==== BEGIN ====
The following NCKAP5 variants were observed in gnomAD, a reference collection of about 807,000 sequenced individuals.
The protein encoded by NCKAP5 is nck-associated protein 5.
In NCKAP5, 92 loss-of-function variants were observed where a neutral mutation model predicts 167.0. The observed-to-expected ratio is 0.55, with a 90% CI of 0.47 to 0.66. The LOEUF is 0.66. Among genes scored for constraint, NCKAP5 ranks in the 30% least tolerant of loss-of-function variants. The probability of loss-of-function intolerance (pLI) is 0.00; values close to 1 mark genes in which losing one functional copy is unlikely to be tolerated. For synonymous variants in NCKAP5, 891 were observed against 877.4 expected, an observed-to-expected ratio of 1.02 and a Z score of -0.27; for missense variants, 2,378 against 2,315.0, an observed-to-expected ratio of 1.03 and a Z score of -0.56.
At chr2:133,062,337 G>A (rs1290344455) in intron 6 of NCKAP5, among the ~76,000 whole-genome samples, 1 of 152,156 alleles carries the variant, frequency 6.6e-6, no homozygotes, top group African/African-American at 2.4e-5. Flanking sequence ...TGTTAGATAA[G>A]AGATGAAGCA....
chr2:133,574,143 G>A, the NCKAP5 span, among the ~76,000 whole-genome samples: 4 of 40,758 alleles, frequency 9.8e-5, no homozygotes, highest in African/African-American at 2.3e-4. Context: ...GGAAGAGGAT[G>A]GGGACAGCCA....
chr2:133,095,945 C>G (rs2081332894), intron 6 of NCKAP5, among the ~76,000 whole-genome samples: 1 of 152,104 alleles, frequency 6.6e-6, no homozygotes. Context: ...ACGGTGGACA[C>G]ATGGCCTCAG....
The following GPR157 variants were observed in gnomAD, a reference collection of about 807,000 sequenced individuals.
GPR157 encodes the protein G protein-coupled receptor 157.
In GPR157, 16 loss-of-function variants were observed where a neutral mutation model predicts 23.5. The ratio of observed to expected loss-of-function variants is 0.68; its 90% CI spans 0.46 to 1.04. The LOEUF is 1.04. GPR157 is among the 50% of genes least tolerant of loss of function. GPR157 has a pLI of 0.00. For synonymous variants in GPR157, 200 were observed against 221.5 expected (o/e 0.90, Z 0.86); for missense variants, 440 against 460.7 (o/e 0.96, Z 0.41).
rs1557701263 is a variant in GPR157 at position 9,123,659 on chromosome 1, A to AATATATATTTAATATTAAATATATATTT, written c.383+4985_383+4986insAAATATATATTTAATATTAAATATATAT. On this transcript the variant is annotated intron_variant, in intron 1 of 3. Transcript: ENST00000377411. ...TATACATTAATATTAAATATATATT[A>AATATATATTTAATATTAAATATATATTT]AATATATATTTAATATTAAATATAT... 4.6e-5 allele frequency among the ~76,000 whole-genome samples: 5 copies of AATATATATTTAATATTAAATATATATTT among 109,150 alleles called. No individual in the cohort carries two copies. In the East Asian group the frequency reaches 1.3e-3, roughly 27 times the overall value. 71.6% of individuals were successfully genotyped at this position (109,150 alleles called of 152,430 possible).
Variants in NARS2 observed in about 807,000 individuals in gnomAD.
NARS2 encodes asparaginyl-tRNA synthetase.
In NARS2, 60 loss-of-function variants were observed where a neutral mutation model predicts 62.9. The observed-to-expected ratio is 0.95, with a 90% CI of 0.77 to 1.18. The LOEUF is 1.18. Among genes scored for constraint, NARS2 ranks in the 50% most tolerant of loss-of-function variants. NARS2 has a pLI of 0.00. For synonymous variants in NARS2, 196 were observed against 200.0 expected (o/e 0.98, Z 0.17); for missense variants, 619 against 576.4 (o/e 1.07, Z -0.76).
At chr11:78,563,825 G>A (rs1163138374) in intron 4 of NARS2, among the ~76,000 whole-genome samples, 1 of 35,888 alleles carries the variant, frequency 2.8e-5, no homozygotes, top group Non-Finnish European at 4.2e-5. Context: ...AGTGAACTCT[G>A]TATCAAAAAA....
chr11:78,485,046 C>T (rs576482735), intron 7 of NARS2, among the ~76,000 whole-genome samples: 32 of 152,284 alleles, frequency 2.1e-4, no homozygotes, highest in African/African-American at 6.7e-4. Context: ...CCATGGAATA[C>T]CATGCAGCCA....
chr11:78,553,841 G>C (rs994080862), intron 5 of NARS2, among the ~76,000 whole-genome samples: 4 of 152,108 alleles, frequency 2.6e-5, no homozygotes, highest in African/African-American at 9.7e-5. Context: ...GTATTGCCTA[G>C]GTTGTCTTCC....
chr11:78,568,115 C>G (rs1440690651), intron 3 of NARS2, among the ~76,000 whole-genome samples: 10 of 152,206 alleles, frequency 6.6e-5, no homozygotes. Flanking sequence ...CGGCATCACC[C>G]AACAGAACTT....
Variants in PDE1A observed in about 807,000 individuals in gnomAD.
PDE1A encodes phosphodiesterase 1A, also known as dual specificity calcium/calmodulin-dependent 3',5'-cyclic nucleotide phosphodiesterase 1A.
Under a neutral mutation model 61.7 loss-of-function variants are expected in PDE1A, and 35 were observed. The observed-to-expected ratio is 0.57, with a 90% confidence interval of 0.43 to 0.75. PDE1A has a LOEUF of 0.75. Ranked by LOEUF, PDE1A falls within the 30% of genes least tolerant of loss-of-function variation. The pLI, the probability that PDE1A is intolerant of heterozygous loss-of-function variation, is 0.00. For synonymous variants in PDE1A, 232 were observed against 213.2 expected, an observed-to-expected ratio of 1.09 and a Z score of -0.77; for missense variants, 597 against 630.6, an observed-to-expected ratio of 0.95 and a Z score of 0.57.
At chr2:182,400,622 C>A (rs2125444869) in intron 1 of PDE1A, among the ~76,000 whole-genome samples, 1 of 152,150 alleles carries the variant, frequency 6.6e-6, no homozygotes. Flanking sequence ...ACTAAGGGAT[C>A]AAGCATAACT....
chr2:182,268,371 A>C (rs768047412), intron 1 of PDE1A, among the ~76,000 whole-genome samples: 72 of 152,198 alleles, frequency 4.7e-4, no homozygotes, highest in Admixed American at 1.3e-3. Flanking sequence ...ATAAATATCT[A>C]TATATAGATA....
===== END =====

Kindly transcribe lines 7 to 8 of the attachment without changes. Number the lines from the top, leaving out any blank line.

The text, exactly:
The following GPR157 variants were observed in gnomAD, a reference collection of about 807,000 sequenced individuals.
GPR157 encodes the protein G protein-coupled receptor 157.